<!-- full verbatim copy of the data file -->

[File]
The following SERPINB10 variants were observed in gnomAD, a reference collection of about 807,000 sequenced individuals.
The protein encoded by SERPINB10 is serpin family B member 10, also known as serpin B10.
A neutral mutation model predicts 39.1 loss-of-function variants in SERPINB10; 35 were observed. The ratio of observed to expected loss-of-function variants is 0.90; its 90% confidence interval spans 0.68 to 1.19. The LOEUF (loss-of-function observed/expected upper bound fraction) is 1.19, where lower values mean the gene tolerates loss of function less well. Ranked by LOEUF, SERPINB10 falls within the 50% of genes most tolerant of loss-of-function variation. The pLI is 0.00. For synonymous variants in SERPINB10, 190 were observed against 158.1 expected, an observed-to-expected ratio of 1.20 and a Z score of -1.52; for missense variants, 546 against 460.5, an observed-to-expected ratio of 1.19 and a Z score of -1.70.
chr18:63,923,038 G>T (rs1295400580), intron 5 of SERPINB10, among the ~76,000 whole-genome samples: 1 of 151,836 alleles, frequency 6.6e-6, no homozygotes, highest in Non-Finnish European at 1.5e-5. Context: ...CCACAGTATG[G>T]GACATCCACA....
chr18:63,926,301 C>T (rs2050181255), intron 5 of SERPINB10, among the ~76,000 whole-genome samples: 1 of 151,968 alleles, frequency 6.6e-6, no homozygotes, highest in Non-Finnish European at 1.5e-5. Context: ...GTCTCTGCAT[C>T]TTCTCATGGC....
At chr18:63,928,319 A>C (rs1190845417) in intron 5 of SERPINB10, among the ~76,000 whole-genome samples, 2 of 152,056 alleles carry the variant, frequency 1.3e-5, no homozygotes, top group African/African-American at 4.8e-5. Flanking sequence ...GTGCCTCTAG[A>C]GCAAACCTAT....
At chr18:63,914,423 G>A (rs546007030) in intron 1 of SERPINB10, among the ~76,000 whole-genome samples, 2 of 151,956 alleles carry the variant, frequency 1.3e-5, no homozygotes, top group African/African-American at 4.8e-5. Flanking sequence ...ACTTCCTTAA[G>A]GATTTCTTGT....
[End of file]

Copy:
The following SERPINB10 variants were observed in gnomAD, a reference collection of about 807,000 sequenced individuals.
The protein encoded by SERPINB10 is serpin family B member 10, also known as serpin B10.
A neutral mutation model predicts 39.1 loss-of-function variants in SERPINB10; 35 were observed. The ratio of observed to expected loss-of-function variants is 0.90; its 90% confidence interval spans 0.68 to 1.19. The LOEUF (loss-of-function observed/expected upper bound fraction) is 1.19, where lower values mean the gene tolerates loss of function less well. Ranked by LOEUF, SERPINB10 falls within the 50% of genes most tolerant of loss-of-function variation. The pLI is 0.00. For synonymous variants in SERPINB10, 190 were observed against 158.1 expected, an observed-to-expected ratio of 1.20 and a Z score of -1.52; for missense variants, 546 against 460.5, an observed-to-expected ratio of 1.19 and a Z score of -1.70.
chr18:63,923,038 G>T (rs1295400580), intron 5 of SERPINB10, among the ~76,000 whole-genome samples: 1 of 151,836 alleles, frequency 6.6e-6, no homozygotes, highest in Non-Finnish European at 1.5e-5. Context: ...CCACAGTATG[G>T]GACATCCACA....
chr18:63,926,301 C>T (rs2050181255), intron 5 of SERPINB10, among the ~76,000 whole-genome samples: 1 of 151,968 alleles, frequency 6.6e-6, no homozygotes, highest in Non-Finnish European at 1.5e-5. Context: ...GTCTCTGCAT[C>T]TTCTCATGGC....
At chr18:63,928,319 A>C (rs1190845417) in intron 5 of SERPINB10, among the ~76,000 whole-genome samples, 2 of 152,056 alleles carry the variant, frequency 1.3e-5, no homozygotes, top group African/African-American at 4.8e-5. Flanking sequence ...GTGCCTCTAG[A>C]GCAAACCTAT....
At chr18:63,914,423 G>A (rs546007030) in intron 1 of SERPINB10, among the ~76,000 whole-genome samples, 2 of 151,956 alleles carry the variant, frequency 1.3e-5, no homozygotes, top group African/African-American at 4.8e-5. Flanking sequence ...ACTTCCTTAA[G>A]GATTTCTTGT....